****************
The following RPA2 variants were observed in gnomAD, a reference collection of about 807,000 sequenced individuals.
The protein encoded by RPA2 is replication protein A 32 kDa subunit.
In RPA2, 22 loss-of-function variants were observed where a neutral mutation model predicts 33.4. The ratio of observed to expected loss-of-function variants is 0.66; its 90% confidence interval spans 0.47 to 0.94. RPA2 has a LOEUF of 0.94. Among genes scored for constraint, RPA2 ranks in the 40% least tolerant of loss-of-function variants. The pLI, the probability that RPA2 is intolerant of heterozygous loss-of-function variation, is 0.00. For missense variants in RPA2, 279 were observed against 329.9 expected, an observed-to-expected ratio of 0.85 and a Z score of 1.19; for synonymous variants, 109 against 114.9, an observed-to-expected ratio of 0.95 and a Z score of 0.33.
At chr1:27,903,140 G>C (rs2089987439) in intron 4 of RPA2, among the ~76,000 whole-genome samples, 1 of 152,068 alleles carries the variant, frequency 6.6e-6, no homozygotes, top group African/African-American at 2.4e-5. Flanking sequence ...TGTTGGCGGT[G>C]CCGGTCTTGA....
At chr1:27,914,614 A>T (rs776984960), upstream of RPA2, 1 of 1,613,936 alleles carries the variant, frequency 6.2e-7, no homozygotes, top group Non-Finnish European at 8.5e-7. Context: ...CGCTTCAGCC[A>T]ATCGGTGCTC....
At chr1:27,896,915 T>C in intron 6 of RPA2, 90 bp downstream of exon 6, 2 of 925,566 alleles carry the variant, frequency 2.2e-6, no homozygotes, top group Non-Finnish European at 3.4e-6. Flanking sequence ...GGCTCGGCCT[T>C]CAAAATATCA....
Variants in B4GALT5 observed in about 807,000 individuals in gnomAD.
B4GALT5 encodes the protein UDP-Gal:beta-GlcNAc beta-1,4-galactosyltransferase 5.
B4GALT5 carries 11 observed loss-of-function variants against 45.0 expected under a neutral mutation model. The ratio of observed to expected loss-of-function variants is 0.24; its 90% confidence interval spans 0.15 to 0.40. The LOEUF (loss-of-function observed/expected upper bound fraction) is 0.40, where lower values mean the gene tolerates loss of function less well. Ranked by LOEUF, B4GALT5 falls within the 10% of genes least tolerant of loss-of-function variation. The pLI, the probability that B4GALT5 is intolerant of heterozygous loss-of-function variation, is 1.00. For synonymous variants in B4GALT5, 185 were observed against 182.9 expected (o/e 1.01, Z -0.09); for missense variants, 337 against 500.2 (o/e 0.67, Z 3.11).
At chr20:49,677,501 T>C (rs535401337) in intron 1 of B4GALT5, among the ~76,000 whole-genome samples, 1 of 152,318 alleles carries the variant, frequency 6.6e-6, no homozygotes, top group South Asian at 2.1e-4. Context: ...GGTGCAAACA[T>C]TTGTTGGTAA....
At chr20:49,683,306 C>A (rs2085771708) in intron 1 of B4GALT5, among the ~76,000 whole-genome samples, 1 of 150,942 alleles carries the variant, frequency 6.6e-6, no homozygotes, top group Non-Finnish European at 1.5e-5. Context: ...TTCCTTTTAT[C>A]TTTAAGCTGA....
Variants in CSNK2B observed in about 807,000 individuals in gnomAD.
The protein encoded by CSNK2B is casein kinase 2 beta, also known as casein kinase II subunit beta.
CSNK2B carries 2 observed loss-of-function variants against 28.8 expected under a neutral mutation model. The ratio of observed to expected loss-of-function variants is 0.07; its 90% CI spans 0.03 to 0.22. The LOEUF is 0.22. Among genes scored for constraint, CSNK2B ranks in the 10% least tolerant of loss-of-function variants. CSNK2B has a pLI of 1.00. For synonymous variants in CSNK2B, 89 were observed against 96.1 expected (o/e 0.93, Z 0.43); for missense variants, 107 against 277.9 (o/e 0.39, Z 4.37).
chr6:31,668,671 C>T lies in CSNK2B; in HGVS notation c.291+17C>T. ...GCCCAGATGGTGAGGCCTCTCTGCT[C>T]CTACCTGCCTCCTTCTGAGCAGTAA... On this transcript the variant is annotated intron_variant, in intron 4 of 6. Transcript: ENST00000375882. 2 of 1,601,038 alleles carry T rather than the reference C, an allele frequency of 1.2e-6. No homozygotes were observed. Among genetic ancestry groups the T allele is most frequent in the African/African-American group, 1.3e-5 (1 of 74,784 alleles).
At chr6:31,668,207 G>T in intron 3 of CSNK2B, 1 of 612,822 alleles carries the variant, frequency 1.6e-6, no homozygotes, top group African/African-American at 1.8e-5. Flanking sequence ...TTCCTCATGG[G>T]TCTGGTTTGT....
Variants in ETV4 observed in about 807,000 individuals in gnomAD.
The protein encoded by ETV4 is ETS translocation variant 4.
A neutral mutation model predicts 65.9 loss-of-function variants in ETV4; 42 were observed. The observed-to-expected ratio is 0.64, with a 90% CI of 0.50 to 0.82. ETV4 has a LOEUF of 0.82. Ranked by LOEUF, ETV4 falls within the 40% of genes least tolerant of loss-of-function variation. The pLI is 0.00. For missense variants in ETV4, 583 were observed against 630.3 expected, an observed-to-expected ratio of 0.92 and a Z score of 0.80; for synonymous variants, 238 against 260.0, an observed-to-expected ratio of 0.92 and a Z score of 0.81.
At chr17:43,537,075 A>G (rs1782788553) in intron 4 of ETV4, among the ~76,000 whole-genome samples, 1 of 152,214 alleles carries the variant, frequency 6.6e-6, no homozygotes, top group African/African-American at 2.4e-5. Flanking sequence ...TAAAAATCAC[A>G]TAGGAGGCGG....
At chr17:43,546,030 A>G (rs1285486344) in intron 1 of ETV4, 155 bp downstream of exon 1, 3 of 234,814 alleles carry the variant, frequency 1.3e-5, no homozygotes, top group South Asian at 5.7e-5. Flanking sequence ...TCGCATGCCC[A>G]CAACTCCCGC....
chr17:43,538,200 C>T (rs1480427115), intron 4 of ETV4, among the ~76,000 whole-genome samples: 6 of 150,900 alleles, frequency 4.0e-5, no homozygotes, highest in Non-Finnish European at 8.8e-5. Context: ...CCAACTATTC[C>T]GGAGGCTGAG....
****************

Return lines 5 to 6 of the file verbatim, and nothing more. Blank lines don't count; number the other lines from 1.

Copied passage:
At chr1:27,914,614 A>T (rs776984960), upstream of RPA2, 1 of 1,613,936 alleles carries the variant, frequency 6.2e-7, no homozygotes, top group Non-Finnish European at 8.5e-7. Context: ...CGCTTCAGCC[A>T]ATCGGTGCTC....
At chr1:27,896,915 T>C in intron 6 of RPA2, 90 bp downstream of exon 6, 2 of 925,566 alleles carry the variant, frequency 2.2e-6, no homozygotes, top group Non-Finnish European at 3.4e-6. Flanking sequence ...GGCTCGGCCT[T>C]CAAAATATCA....